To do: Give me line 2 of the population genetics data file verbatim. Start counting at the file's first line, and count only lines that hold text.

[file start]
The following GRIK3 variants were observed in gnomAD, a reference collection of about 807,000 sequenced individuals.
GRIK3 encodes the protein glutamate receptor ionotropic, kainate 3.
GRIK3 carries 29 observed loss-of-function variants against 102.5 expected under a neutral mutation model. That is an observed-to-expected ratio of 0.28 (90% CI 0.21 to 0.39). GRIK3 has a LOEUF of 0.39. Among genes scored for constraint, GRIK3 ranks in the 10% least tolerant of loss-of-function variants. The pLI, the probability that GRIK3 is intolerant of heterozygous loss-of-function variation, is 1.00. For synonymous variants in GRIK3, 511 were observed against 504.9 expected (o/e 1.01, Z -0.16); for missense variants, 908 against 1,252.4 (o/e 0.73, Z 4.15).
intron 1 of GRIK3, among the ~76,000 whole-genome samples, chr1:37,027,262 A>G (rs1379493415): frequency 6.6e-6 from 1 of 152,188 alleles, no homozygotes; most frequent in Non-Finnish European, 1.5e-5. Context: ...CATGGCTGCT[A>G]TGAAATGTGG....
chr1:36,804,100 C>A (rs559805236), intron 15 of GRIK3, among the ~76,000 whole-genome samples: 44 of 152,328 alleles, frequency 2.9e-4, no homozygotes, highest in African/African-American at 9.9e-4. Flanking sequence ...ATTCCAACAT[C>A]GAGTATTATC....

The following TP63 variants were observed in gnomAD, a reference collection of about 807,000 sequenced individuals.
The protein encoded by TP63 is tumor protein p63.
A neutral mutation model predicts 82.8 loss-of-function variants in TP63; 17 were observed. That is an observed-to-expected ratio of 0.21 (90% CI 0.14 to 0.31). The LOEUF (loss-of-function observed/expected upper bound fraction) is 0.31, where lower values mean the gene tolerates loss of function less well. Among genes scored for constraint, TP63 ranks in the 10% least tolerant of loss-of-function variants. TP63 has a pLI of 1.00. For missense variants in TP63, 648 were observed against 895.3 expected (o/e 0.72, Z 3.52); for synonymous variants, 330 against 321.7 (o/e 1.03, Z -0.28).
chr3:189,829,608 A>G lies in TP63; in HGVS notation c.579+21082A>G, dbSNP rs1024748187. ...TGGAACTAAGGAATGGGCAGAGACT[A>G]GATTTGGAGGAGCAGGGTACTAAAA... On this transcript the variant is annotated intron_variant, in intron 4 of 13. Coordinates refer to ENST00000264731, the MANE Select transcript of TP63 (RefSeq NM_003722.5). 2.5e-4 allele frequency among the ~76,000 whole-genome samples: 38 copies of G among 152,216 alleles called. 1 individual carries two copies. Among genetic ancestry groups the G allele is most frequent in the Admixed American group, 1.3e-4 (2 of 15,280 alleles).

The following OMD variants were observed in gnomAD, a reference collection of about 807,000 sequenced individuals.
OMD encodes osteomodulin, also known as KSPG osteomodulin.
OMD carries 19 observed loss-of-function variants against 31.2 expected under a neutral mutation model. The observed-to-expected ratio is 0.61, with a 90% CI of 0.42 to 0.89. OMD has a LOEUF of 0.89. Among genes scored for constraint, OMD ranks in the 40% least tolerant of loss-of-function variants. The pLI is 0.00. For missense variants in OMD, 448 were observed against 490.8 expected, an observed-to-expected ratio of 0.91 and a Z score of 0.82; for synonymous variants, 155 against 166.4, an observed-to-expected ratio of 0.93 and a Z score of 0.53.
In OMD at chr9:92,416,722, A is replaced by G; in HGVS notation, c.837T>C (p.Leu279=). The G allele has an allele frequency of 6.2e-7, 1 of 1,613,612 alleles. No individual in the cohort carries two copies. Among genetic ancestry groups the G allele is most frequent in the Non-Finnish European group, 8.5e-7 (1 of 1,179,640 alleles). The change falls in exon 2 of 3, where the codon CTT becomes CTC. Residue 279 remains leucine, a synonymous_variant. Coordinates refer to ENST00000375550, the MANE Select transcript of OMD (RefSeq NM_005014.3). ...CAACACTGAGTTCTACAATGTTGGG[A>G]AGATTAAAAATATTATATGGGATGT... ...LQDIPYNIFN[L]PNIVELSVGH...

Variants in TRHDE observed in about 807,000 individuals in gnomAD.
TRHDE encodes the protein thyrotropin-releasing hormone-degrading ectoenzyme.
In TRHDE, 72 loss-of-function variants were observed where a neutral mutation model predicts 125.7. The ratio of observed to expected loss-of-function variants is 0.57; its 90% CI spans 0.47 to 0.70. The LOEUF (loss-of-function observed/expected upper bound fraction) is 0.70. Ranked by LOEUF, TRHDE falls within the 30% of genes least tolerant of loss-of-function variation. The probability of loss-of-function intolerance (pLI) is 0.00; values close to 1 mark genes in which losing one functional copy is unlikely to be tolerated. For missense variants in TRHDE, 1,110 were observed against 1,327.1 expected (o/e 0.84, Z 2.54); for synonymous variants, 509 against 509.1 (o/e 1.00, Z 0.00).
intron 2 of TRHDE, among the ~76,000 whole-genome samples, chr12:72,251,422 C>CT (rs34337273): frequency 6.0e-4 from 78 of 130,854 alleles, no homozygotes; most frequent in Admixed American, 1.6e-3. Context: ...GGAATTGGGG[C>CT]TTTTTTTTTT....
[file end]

GRIK3 encodes the protein glutamate receptor ionotropic, kainate 3.